Molecular Vision 2012; 18:957-967 <>
Received 15 February 2012 | Accepted 14 April 2012 | Published 18 April 2012

Spatial expression of aquaporin 5 in mammalian cornea and lens, and regulation of Its localization by phosphokinase A

S. Sindhu Kumari,1 Murali Varadaraj,2 Venkata S. Yerramilli,1 Anil G. Menon,3 Kulandaiappan Varadaraj1,4

1Department of Physiology and Biophysics, State University of New York at Stony Brook, Stony Brook, NY; 2InSTAR Program, Ward Melville High School, East Setauket, NY; 3Department of Molecular Genetics, Biochemistry and Microbiology, University of Cincinnati College of Medicine, Cincinnati, OH; 4SUNY Eye Institute, New York, NY

Correspondence to: Kulandaiappan Varadaraj, Department of Physiology and Biophysics, State University of New York at Stony Brook, BST-6, Room # 165; Stony Brook, NY, 11794-8661; Phone: (631) 444-7551; FAX: (631) 444-3432; email:


Purpose: Aquaporins (AQPs) play a significant role in the movement of water across the plasma membrane. In the eye, the cornea and lens are avascular with unique microcirculatory mechanisms to meet the metabolic demands. We have previously shown that AQP0 and AQP1 water channels participate in maintaining lens transparency and homeostasis. In the present investigation, we explored the expression and spatial distribution of AQP5 in the cornea and lens, and its regulation during membrane localization.

Methods: AQP5 expression and cellular localization were investigated by reverse transcription polymerase chain reaction (RT-PCR) using gene-specific primers, and by western blot and immunocytochemistry analyses using specific antibodies. AQP5 phosphorylation was studied using calf intestinal alkaline phosphatase for dephosphorylation. Effects of phosphokinase A (PKA) agonist cyclic AMP (cAMP), and antagonist H-89 on AQP5 expression and localization were studied in vitro using MDCK (Madin-Darby Canine Kidney) cells, and ex vivo using isolated corneas from wild type mice.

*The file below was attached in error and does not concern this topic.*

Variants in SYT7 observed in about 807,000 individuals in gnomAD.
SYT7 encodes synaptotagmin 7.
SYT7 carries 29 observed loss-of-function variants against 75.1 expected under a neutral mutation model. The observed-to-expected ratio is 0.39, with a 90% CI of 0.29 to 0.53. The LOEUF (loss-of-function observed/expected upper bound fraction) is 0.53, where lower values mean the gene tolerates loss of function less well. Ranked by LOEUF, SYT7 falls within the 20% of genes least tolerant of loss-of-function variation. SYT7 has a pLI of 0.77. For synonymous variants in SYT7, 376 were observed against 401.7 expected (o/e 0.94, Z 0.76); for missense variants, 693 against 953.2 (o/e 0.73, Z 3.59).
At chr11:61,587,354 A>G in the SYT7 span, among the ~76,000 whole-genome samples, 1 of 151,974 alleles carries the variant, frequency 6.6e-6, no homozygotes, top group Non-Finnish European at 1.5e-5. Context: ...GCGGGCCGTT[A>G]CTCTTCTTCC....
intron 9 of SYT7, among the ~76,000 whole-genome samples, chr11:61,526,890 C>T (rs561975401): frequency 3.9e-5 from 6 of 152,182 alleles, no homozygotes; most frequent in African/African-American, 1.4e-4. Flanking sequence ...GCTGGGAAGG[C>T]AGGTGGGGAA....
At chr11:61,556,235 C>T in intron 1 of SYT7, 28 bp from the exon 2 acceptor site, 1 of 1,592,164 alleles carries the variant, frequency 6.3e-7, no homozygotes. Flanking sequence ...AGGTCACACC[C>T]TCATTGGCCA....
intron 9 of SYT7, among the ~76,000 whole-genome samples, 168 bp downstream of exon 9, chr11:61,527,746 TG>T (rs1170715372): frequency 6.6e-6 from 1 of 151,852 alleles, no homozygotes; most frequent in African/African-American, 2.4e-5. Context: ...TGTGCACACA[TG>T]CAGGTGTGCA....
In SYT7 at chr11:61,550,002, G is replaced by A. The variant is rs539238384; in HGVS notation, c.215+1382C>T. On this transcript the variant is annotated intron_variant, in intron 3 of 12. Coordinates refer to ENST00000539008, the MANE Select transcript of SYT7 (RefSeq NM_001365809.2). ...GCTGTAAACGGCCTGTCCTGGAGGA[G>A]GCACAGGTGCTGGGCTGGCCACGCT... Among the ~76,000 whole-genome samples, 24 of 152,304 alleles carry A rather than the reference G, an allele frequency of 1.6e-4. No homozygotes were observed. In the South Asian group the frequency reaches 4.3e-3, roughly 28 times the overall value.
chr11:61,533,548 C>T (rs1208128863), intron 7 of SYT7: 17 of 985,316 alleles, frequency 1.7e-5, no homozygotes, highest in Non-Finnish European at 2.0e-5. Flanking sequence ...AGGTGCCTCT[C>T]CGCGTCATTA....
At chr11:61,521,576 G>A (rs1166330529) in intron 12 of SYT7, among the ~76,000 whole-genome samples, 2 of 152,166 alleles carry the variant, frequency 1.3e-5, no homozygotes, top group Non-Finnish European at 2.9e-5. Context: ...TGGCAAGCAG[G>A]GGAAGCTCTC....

Results: RT–PCR revealed the presence of AQP5 transcripts in the cornea, lens epithelial cells and fiber cells. Western blotting identified the presence of both non-phosphorylated and phosphorylated forms of AQP5 protein. Immunostaining showed the distribution of AQP5 in the epithelial layer and stromal keratocytes of the cornea, and epithelial and fiber cells of the lens. In vitro and ex-vivo experiments revealed PKA-induced AQP5 internalization; PKA inhibition prevented such internalization.

Conclusions: This is the first report on the spatial expression of AQP5 in the corneal keratocytes and lens epithelial cells, as well as on the regulation of AQP5 localization by PKA in the corneal epithelial cells. PKA-mediated regulation of AQP5 holds promise for therapeutic intervention to control corneal and lens diseases.


The aquaporins (AQPs) are a superfamily of major intrinsic proteins of ~30 kDa, expressed in both prokaryotes and eukaryotes. In mammals, thirteen AQPs have been identified. As in several other organs, water conductance across the many membrane barriers in the eye is assisted by these proteins. Seven AQPs are expressed in the various parts of the eye; three each are present in the mammalian cornea (AQP1, AQP3, AQP5) and lens (AQP0, AQP1, AQP5).

Cornea and lens are avascular tissues with unique microcirculatory mechanisms that are assisted by water channels, for meeting the nutritional demands and removing the metabolic byproducts. In the cornea, the outer stratified epithelium expresses AQP5 and AQP3, stromal keratocytes express AQP1, and the single-celled inner endothelial layer expresses AQP1 and AQP3 [1-3]. In the lens, anterior epithelial cells have AQP1 [3], which functions as a water channel [4,5]. Lens fiber cells abundantly express AQP0 [6] which performs water conductance [4,7], as well as a unique function of cell-to-cell adhesion [8,9].